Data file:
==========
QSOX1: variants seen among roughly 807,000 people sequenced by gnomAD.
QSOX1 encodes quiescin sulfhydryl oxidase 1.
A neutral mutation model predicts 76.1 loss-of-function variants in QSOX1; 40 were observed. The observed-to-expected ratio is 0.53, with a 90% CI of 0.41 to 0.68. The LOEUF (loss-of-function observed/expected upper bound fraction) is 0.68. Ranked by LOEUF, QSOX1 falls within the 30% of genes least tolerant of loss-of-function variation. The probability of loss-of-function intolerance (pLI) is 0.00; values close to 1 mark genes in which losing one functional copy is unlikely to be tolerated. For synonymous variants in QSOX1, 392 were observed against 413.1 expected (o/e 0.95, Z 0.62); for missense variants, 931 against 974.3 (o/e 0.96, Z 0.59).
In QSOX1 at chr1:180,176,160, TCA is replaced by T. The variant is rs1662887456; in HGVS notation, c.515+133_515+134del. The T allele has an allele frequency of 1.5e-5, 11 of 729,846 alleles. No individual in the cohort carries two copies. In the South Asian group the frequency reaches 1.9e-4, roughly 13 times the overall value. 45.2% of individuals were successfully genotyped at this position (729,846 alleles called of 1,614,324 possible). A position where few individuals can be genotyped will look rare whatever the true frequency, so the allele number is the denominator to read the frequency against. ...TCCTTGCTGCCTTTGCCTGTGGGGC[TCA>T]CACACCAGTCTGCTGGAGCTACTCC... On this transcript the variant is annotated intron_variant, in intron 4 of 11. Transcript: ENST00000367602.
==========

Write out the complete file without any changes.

QSOX1: variants seen among roughly 807,000 people sequenced by gnomAD.
QSOX1 encodes quiescin sulfhydryl oxidase 1.
A neutral mutation model predicts 76.1 loss-of-function variants in QSOX1; 40 were observed. The observed-to-expected ratio is 0.53, with a 90% CI of 0.41 to 0.68. The LOEUF (loss-of-function observed/expected upper bound fraction) is 0.68. Ranked by LOEUF, QSOX1 falls within the 30% of genes least tolerant of loss-of-function variation. The probability of loss-of-function intolerance (pLI) is 0.00; values close to 1 mark genes in which losing one functional copy is unlikely to be tolerated. For synonymous variants in QSOX1, 392 were observed against 413.1 expected (o/e 0.95, Z 0.62); for missense variants, 931 against 974.3 (o/e 0.96, Z 0.59).
In QSOX1 at chr1:180,176,160, TCA is replaced by T. The variant is rs1662887456; in HGVS notation, c.515+133_515+134del. The T allele has an allele frequency of 1.5e-5, 11 of 729,846 alleles. No individual in the cohort carries two copies. In the South Asian group the frequency reaches 1.9e-4, roughly 13 times the overall value. 45.2% of individuals were successfully genotyped at this position (729,846 alleles called of 1,614,324 possible). A position where few individuals can be genotyped will look rare whatever the true frequency, so the allele number is the denominator to read the frequency against. ...TCCTTGCTGCCTTTGCCTGTGGGGC[TCA>T]CACACCAGTCTGCTGGAGCTACTCC... On this transcript the variant is annotated intron_variant, in intron 4 of 11. Transcript: ENST00000367602.